Thursday, August 24, 2017
Trail Camera Buying Guide
Every trail camera is designed with different goals in mind. When evaluating and comparing game cameras, consider each of the following points carefully in relation to your reason for wanting a camera in the first place.
The design of a trail camera (for example: MOULTRIE PANORAMIC 150 GAME CAMERA )
is important due to two factors: concealment purposes and durability.
A trail camera that is compact and covered in a camouflage tone (possibly with a bark-like texture) makes it easier to hide from potential thieves, as well as animals like bears that are known to destroy such devices.
If your trail camera is made of a durable material and is rated to withstand extreme weather conditions, you will get more life out of it than a cheap, flimsy camera that could be destroyed by a single drop of water.
2. Camera Clarity
The more megapixels a game camera has the clearer your pictures will be. Remember how blurry images were when cell phones with cameras first went on the market? Those were largely one and two megapixel cameras. Today’s modern trail cameras are rated as high as 14 megapixels, and you can also adjust the pixilation to save battery life if picture clarity isn’t a top priority.
High-definition video resolution is especially important for hunters who want to keep an eye on the movements and habits of specific targets. Trail cameras that have video recording capabilities come with everything from 240P to 1080P resolutions.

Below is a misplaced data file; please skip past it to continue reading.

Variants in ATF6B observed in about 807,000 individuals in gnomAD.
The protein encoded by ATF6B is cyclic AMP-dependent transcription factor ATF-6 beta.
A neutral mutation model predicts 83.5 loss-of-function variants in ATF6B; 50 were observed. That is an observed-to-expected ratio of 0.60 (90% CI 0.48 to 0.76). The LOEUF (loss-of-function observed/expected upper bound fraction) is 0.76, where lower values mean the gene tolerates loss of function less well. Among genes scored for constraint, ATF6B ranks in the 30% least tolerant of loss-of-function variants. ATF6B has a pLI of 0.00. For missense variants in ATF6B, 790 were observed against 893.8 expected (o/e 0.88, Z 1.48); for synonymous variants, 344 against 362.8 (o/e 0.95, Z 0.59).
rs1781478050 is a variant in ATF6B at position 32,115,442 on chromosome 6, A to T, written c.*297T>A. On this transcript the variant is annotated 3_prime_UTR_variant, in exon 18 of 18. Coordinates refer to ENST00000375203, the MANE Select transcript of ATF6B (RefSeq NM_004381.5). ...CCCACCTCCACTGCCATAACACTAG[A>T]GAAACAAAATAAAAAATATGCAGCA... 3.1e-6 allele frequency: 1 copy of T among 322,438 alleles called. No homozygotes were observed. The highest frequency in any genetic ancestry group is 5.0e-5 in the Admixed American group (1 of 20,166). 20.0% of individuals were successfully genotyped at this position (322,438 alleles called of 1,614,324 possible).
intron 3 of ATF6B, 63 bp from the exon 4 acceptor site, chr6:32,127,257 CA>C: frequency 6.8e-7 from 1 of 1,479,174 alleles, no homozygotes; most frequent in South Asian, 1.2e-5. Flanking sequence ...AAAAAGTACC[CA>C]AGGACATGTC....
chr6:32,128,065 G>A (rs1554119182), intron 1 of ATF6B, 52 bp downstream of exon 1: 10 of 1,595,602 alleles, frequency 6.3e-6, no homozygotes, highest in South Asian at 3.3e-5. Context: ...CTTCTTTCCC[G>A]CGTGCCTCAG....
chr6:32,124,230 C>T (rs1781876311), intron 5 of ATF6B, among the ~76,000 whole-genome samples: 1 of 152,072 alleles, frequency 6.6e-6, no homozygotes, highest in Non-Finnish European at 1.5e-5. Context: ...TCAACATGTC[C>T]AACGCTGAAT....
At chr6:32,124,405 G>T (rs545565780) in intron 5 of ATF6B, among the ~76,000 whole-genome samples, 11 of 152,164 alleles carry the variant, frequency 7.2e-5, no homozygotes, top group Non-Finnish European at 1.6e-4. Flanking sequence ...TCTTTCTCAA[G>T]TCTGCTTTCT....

When considering your video recording needs, also pay attention to the length of the videos that your camera is capable of recording. Some models max out at 15 seconds while others can record for as long as 2 minutes and there are sometimes differences between daytime and nighttime recording lengths.
4. Flash & Night Vision
Night vision technology has made tremendous advancements in recent years. When it comes to scouting, tracking, and home surveillance, night vision is a necessity. There are three basic types of flashes when it comes to trail cameras.
An incandescent flash is the type used by standard cameras (the “white” flash). While functional for the purpose of snapping a photo, an incandescent flash is extremely obvious and will likely scare targets away from the area. Cameras with an incandescent flash are usually less expensive because they alert whatever triggered the camera to its existence and location. However, they also tend to have slower trigger and recovery speeds. Additionally, incandescent flash bulbs draw more battery power than infrared and covert LED bulbs. Incandescent flash trail cameras can take full-color photos during the day that turn out extremely well, and as of 2017 incandescent or “white” LEDs are the only ones that will result in full-color photos/videos at night.